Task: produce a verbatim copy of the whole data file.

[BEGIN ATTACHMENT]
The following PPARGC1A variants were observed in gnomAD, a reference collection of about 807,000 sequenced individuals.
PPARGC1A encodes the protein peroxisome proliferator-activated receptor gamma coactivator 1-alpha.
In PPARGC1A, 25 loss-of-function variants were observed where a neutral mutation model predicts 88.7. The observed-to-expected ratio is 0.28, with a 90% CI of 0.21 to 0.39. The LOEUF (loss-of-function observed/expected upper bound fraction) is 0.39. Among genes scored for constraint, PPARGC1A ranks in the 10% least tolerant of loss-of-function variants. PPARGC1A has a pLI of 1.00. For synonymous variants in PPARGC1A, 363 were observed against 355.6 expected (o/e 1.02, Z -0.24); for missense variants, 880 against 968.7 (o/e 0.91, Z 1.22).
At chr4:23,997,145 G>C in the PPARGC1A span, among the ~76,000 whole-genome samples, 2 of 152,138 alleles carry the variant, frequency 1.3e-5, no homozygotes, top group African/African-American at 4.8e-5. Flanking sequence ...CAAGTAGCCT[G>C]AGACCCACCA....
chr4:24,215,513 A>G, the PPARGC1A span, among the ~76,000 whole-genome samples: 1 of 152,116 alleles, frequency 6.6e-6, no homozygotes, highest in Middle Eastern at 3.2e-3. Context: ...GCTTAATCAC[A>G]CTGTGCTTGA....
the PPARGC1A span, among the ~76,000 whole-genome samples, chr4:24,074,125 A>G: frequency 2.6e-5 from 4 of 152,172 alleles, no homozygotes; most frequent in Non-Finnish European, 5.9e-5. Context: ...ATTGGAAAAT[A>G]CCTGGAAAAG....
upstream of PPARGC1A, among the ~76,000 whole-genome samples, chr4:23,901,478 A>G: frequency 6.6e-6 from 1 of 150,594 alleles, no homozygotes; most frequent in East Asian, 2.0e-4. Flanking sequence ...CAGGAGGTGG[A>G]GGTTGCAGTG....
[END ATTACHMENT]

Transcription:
The following PPARGC1A variants were observed in gnomAD, a reference collection of about 807,000 sequenced individuals.
PPARGC1A encodes the protein peroxisome proliferator-activated receptor gamma coactivator 1-alpha.
In PPARGC1A, 25 loss-of-function variants were observed where a neutral mutation model predicts 88.7. The observed-to-expected ratio is 0.28, with a 90% CI of 0.21 to 0.39. The LOEUF (loss-of-function observed/expected upper bound fraction) is 0.39. Among genes scored for constraint, PPARGC1A ranks in the 10% least tolerant of loss-of-function variants. PPARGC1A has a pLI of 1.00. For synonymous variants in PPARGC1A, 363 were observed against 355.6 expected (o/e 1.02, Z -0.24); for missense variants, 880 against 968.7 (o/e 0.91, Z 1.22).
At chr4:23,997,145 G>C in the PPARGC1A span, among the ~76,000 whole-genome samples, 2 of 152,138 alleles carry the variant, frequency 1.3e-5, no homozygotes, top group African/African-American at 4.8e-5. Flanking sequence ...CAAGTAGCCT[G>C]AGACCCACCA....
chr4:24,215,513 A>G, the PPARGC1A span, among the ~76,000 whole-genome samples: 1 of 152,116 alleles, frequency 6.6e-6, no homozygotes, highest in Middle Eastern at 3.2e-3. Context: ...GCTTAATCAC[A>G]CTGTGCTTGA....
the PPARGC1A span, among the ~76,000 whole-genome samples, chr4:24,074,125 A>G: frequency 2.6e-5 from 4 of 152,172 alleles, no homozygotes; most frequent in Non-Finnish European, 5.9e-5. Context: ...ATTGGAAAAT[A>G]CCTGGAAAAG....
upstream of PPARGC1A, among the ~76,000 whole-genome samples, chr4:23,901,478 A>G: frequency 6.6e-6 from 1 of 150,594 alleles, no homozygotes; most frequent in East Asian, 2.0e-4. Flanking sequence ...CAGGAGGTGG[A>G]GGTTGCAGTG....